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AICR eNews May 2012 | Issue 70

30 Years of Research
Coffee and Your Health: Tonic, Toxic or Too Soon to Know?

Coffee beans poured over two Stacked Green cups and saucersIf you're like many Americans, you brew, purchase or help yourself at work to at least some coffee every day. Over half of American adults drink, on average, slightly more than 3 cups of coffee daily. Although the amount we drink as a nation has decreased since the 1940s, coffee is still one of America's most popular beverages.

Coffee and Health: A Jittery History

Some small population surveys in the 1960s linked coffee to heart disease and one researcher pronounced caffeine a cause of certain cancers and heart disease based on observations of animals injected with caffeine. Throughout the 1970s and 80s coffee research focused on these diseases: some suggested that the popular beverage increased risk of bladder and pancreatic cancers, and that people who drank more coffee had a higher risk of heart disease. Standard treatment for stomach ulcers included eliminating coffee from the diet.

As researchers continued to study coffee's health effects using more rigorous methods and with larger groups of people, the links reported in earlier studies failed to turn up. And although coffee can irritate an untreated ulcer, it does not cause one. In fact, the story of coffee and health began to point in a different direction.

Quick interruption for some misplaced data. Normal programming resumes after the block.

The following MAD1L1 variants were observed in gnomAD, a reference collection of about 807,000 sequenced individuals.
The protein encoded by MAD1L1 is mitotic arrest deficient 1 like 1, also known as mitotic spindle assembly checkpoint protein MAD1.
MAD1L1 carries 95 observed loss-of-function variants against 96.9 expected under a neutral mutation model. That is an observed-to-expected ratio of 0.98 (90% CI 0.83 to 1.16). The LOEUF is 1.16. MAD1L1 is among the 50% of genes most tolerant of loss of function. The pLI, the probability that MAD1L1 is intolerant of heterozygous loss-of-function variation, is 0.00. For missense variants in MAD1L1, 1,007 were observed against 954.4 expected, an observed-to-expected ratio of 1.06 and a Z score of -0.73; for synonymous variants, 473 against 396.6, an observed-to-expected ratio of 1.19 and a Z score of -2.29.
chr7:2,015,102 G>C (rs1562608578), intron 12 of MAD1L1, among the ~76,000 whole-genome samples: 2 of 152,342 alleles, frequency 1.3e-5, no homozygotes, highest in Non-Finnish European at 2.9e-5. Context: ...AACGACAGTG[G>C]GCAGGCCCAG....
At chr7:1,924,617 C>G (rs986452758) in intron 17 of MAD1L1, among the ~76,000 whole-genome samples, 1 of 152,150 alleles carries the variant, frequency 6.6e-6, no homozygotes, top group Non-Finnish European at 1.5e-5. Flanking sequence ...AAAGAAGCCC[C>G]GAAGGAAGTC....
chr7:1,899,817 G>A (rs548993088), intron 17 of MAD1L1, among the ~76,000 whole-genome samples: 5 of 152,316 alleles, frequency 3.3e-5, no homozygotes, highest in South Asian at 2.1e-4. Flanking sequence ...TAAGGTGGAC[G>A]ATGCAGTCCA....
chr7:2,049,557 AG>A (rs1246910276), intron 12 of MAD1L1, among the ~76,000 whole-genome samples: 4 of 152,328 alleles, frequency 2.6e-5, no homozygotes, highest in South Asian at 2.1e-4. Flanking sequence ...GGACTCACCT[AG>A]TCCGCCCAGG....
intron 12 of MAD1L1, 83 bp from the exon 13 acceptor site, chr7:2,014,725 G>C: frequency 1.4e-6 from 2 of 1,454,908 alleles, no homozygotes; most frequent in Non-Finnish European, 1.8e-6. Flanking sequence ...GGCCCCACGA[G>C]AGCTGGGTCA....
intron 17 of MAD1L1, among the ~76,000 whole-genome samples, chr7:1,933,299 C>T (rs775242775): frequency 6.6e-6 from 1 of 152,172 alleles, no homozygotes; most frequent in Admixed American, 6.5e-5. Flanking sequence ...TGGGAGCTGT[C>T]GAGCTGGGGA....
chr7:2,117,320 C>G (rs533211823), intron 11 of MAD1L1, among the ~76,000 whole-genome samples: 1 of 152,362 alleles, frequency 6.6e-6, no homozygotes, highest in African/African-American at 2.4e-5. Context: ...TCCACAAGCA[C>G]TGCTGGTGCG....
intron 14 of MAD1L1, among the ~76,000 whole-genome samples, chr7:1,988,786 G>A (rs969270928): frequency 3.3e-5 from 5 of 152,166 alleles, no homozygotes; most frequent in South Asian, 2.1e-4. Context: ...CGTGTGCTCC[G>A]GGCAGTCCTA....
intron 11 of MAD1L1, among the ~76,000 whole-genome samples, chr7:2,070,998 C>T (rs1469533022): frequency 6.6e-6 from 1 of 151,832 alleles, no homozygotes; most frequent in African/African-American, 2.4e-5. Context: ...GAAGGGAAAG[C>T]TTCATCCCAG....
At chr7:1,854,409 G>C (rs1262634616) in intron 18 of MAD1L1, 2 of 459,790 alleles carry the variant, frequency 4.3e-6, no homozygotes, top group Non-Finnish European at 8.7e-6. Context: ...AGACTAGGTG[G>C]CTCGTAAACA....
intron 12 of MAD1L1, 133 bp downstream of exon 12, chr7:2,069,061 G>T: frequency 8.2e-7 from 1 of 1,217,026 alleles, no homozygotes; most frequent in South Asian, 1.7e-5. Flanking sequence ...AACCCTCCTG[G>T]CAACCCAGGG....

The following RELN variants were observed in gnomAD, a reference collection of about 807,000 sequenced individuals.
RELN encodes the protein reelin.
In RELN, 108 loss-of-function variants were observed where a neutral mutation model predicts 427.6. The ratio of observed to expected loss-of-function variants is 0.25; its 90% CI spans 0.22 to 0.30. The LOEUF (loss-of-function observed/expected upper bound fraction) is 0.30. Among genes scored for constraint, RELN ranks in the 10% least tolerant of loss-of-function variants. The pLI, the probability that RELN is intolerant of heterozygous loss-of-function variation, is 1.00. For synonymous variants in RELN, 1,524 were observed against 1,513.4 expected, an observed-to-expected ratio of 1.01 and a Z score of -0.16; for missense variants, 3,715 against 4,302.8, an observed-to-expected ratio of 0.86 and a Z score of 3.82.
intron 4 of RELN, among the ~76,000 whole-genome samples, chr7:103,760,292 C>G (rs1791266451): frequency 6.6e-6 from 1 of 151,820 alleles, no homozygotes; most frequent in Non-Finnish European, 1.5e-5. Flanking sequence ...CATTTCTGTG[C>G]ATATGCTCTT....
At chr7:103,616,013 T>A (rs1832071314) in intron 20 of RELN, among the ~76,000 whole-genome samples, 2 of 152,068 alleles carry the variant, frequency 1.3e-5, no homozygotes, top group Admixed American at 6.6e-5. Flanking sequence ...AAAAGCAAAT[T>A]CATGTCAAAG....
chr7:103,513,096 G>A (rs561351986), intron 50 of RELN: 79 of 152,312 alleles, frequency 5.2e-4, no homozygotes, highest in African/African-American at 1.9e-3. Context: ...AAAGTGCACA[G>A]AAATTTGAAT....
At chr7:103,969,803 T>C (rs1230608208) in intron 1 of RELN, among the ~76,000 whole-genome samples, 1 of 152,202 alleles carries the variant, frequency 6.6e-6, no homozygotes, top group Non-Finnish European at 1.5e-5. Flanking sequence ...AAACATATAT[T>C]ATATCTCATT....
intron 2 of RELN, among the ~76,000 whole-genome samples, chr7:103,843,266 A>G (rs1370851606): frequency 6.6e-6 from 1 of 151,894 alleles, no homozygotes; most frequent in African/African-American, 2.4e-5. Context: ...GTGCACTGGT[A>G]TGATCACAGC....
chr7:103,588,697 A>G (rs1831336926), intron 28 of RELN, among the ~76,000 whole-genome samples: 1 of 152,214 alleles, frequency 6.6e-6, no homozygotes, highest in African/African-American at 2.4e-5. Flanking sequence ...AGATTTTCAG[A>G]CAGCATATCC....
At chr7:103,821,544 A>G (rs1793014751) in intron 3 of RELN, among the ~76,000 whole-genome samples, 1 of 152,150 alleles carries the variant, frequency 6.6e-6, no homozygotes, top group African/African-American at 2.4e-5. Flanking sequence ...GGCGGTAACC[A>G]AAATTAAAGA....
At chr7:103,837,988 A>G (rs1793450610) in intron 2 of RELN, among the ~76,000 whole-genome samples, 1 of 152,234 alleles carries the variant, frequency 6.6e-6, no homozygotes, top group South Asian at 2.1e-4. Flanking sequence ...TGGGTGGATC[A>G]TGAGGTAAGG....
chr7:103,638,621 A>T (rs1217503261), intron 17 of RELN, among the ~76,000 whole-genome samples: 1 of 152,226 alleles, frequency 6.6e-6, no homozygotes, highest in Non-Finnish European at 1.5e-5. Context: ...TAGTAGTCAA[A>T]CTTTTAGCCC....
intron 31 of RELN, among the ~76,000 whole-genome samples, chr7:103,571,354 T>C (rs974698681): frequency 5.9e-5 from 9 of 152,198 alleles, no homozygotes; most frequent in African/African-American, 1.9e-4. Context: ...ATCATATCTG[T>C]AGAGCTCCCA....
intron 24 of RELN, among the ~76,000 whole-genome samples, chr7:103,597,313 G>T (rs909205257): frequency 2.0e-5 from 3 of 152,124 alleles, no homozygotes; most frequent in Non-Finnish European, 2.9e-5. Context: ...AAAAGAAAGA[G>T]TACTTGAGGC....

Coffee Now: Cancer and Other Chronic Diseases

AICR's 2007 expert report judged that coffee is unlikely to either increase or decrease the risk of pancreatic or kidney cancer – the two cancers with enough evidence to make a conclusion. More recently, major studies and reviews found no association with breast, ovarian, prostate, stomach or colon cancer risk.

A European study published in the American Journal of Clinical Nutrition in February of 2012 concluded that coffee (caffeinated and decaffeinated) is not associated with overall risk of cardiovascular disease and cancer risk. However, the study did show a lower risk of type 2 diabetes linked to coffee.

Possible Health Benefits

  • Type 2 Diabetes: Studies from the U.S., Australia and Europe show a possible lower risk of type 2 diabetes for long-term coffee drinkers.
  • Parkinson's Disease (PD): More research needs to be done, but global studies show a link between coffee and lower risk of PD.
  • Heart Disease: The most recent studies do not show a harmful effect of coffee on heart disease; in fact some research suggests that coffee may slightly reduce risk of stroke.

What's in coffee that might be good for us? Caffeine may have some health-protecting qualities and coffee also contains antioxidant compounds that may help cells grow normally and reduce chronic inflammation.

Coffee Cautions

Research continues on coffee, cancer and other chronic diseases, so we can't pronounce coffee a "health food" until we know more about the many ways it affects us. And we know that coffee is not for everyone. Here are some reasons to avoid or limit coffee:

  • Consuming high amounts of caffeine in pregnancy may increase risk of late miscarriage and stillbirth.
  • Coffee may worsen symptoms of GERD (gastroesophageal reflux disease).
  • Many coffee beverages contain cream, sugar and syrups that can boost calorie content, some as high as several hundred calories.
  • Regularly drinking coffee prepared using the French press method may lead to increased blood LDL levels (cholesterol that is associated with heart disease risk).


 

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